Blend .33
Hickory Nuts, peck .50
Black Walnuts, peck .50
Fine Country Butter .33
Fresh Country Eggs .40
30-cent Early Breakfast
Coffee .23
30-ccnt Sinbad Coffee 25
Our Own Special the coffee of coffees guaranteed satisfaction,
regardless of what brand you have ibeen using, or what price
you pay. Money back and no questions asked if you'rs not
satisfied ........, OXLY 20 CENTS.
, Deliveries 9:30 and 3:30.
JudgeYour Baking
Powder By Its
Actions and Results-
Don't allow misleading statements or
advertisements to influence you.
Calumet Baking Powder is appreciated most by
those who know it best.
Before you form an opinion give Calumet a trial,
watching every process of themaking and the
baking from start to finish.
Calumet will prove that It is pure, wholesome and
economical that light, fluffy biscuits, muffins,
doughnuts, cakes, griddle cakes, etc., always result
from its use.
That's Why We Say-
Go to your dealer ask for, buy and try a can of
Calumet Baking Powder. If you are not perfectly
satisfied after a thorough test, return what's left
and get your money back.
Calumet contains only such ingredients as have been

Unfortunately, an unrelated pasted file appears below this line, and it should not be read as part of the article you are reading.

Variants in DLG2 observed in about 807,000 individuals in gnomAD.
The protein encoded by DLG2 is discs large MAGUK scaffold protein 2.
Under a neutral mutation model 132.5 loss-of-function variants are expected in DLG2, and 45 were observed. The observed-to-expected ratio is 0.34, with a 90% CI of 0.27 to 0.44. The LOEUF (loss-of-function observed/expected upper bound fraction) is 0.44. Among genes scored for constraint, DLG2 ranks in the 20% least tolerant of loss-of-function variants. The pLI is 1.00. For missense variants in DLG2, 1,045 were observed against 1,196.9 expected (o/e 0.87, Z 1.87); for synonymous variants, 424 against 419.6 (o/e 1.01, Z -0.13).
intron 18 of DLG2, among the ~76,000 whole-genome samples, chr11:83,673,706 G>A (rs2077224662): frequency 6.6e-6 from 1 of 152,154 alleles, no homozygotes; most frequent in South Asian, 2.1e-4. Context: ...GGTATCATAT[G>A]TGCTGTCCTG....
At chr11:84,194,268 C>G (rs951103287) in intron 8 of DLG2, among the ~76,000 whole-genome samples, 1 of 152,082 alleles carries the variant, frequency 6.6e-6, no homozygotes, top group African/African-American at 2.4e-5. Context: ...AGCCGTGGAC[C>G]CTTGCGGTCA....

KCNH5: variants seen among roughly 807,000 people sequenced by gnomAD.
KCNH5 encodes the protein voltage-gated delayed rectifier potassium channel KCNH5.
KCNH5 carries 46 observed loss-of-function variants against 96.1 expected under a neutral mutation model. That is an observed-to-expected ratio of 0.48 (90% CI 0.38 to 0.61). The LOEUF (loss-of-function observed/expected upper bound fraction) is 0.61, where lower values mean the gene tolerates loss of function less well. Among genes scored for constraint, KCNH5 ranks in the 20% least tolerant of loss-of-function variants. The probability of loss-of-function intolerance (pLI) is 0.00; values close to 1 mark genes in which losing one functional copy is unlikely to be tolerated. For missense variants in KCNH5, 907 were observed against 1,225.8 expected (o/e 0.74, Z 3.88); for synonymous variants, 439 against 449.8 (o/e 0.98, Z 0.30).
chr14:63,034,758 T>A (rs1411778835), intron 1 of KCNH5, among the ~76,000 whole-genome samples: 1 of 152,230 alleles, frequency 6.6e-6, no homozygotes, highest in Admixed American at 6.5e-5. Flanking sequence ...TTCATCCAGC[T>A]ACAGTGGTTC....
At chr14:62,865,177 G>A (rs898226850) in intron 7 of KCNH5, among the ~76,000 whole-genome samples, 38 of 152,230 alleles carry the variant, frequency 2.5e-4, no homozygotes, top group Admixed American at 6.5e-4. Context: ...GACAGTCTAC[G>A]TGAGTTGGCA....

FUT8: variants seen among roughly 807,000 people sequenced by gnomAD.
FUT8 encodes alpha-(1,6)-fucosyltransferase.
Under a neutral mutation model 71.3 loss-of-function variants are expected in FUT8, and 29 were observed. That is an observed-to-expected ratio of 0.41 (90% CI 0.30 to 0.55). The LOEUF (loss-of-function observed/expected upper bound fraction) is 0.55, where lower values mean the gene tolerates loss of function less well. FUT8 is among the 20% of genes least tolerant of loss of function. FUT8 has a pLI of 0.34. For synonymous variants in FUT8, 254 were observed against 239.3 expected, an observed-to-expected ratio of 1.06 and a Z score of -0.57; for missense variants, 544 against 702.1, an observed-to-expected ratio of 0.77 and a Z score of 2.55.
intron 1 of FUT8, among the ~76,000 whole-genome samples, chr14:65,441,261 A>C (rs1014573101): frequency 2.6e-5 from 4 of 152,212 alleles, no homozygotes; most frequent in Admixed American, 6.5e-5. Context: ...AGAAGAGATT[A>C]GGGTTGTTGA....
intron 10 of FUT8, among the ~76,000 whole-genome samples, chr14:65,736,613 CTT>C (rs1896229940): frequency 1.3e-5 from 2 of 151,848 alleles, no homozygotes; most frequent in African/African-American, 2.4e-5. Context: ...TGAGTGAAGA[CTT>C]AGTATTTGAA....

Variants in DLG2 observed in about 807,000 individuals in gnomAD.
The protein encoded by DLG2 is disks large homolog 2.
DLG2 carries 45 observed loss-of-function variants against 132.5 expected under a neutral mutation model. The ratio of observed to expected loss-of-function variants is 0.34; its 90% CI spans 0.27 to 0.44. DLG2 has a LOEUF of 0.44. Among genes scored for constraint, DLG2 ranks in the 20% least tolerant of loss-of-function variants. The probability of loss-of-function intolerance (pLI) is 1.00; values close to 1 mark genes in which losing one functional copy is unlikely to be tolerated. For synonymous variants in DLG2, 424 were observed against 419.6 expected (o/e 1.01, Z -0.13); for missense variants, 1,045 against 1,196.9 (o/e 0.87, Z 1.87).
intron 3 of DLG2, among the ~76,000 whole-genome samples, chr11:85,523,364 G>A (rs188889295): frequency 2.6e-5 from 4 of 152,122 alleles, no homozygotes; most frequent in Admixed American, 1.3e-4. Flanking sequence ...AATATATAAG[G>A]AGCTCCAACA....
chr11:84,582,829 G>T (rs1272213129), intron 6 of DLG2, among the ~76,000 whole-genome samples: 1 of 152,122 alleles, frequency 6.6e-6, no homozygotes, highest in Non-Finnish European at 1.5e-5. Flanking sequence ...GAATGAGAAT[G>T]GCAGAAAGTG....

approved officially by the U. S. Food Authorities.
You Save When You Buy It,
Ycu Save When You Use It.
UIUCCT Quality
Old- Style Menu Feature of
Banquet of State Histor
ical Society.
Speakers Will Tell of Con
ditions in Missouri 100
Years Ago.
The Pioneer Dinner of the fifteenth
annual meeting of the State Histori
cal Society of Missouri and of Mis
souri's First Centennial Celebration
will be served at 6:30 o'clock Tuesday
night, January 8, at the Daniel Boone
Tavern In the style of 100 years ago.
This will be the old fashioned menu,
prepare! by Mrs. E. Wl Stephens:
Sour or Dill Pickles
Itoast Young Turkey with Pressing
Baked 'possum Baked Sweet Potatoes
-Mashed Potatoes Steamed Hominy
Corn Pones Soda Biscuits
Ginger Bread
Apple Pie . Pumpkin Pie
Coffee or milk
Townspeople may get tickets for
the dinner at $1 each from Floyd
Shoemaker, secretary of the State
Historical Society, whose office Is on
the first' floor of the Library Build
ing. .
Luncheon and Reception.
A luncheon will be given at 12:30
o'clock at the Daniel Boone Tavern for
the visiting members of the State His
torical Society and of the Missouri
Centennial Committee by the Colum
bia Commercial Club. Tickets at $1
each may be bought from H. S. Jacks,
secretary of the Commercial Club.
Immediately after the luncheon the
speaking will begin. The program
will continue until the reception at
4:30 o'clock in the afternoon on the
mezzanine floor of the Tavern.
The society will hold a business
meeting at 9:30 o'clock Tuesday
morning In the Library Building.
Trustees will be elected and reports
on the progress of the society and on
the Missouri Centennial Celebration
will be given. Informal talks will be
made by visiting members. General
discussion will follow. Dr. Walter B.
Stevens, president of the society, will
The largest Missouri state flag in
existence will hang in the dining
room where the dinner will be served.
The flag, lent by E. M. Vlolette, pro
fessor of history at the State Normal